by Michael Pollan
Michael Pollan's In Defence of Food is a simple invitation to junk the science, ditch the diet and instead rediscover the joys of eating well. This book is a celebration of food. By food, Michael Pollan means real, proper, simple food - not the kind that comes in a packet, or has lists of unpronounceable ingredients, or that makes nutritional claims about how healthy it is.
More like the kind of food your great-grandmother would recognise. By following a few pieces of advice (Eat at a table - a desk doesn't count. Don't buy food where you'd buy your petrol!), you will enrich your life and your palate, and enlarge your sense of what it means to be healthy and happy.
It's time to fall in love with food again.
For the past twenty years, Michael Pollan has been writing about the places where the human and natural worlds intersect: food, agriculture, gardens, drugs, and architecture. His most recent book, about the ethics and ecology of eating, is The Omnivore's Dilemma, named one of the ten best books of 2006 by the New York Times and the Washington Post.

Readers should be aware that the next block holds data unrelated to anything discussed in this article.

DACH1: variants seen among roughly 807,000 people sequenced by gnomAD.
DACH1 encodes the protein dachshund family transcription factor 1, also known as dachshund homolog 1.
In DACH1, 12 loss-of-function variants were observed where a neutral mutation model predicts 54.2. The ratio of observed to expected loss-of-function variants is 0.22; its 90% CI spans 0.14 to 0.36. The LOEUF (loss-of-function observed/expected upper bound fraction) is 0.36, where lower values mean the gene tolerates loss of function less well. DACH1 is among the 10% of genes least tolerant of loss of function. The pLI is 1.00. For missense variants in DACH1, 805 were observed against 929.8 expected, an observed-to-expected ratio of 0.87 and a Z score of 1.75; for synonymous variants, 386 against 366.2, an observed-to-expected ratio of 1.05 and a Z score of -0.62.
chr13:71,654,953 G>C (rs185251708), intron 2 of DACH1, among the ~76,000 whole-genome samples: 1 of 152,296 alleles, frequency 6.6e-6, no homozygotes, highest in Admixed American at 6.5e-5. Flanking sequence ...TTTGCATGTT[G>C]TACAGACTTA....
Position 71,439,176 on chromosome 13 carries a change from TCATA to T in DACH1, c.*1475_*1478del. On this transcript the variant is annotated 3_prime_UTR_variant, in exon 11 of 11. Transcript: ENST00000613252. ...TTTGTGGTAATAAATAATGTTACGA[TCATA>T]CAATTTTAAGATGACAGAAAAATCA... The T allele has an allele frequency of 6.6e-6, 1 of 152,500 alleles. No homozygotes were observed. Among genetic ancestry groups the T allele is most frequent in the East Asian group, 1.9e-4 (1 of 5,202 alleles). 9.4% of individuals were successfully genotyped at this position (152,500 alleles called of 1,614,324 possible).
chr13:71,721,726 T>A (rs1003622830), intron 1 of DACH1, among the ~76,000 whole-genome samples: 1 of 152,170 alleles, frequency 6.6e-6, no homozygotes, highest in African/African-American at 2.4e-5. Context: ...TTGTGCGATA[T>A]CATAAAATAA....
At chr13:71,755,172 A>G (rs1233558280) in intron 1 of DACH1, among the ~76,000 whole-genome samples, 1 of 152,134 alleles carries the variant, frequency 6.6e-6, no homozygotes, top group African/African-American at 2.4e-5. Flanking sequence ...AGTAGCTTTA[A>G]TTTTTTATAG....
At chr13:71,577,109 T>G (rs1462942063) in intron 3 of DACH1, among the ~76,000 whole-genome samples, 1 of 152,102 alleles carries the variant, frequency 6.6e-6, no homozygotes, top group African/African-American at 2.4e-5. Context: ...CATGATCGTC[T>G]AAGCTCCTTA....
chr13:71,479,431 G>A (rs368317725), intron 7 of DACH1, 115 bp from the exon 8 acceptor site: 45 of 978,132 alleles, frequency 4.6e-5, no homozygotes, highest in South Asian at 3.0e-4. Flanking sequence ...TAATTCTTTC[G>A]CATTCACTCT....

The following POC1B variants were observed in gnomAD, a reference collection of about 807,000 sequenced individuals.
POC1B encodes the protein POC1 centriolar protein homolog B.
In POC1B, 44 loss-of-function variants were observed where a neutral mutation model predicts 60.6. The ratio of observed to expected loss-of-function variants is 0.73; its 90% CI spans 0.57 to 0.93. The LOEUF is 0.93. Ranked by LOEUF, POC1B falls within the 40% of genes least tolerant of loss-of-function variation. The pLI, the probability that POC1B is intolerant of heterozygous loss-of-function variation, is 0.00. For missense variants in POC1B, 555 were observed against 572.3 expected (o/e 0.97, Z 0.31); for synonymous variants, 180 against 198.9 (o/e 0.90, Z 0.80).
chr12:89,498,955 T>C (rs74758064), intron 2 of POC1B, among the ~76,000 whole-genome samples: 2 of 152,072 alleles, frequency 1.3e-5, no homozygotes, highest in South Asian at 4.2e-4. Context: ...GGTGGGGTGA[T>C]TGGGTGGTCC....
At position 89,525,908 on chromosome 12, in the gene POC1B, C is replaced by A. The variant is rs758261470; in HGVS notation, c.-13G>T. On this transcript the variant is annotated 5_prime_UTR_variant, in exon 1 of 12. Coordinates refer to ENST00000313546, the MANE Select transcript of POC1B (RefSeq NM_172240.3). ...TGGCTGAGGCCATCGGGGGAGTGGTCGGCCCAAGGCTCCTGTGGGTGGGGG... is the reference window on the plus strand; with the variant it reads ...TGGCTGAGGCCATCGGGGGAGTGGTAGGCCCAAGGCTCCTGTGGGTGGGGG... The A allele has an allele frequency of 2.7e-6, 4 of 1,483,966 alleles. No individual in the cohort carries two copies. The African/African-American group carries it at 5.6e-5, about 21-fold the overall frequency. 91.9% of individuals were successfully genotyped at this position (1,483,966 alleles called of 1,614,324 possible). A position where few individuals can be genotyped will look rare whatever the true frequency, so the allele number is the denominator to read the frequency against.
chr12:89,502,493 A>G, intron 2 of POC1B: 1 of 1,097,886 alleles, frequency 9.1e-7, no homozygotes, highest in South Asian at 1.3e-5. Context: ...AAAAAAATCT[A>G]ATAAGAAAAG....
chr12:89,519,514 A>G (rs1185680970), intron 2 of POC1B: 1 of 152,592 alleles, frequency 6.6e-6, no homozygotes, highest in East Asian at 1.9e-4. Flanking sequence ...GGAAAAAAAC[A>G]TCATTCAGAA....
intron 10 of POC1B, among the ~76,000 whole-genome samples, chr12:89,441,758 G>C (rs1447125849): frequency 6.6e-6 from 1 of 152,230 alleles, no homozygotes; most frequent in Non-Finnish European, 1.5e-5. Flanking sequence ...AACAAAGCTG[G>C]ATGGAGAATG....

"Brings home the real wonder of eating food" - Sunday Times
"Pollan invites us to grab our pots and pans and cook some real food for dinner" - Time Out
"Read this witty book for a healthier life and diet" - The Times
"A must-read...satisfying, rich...loaded with flavour" - Sunday Telegraph
Size: 197 x 129 x 16 (mm)
Publisher: Penguin Books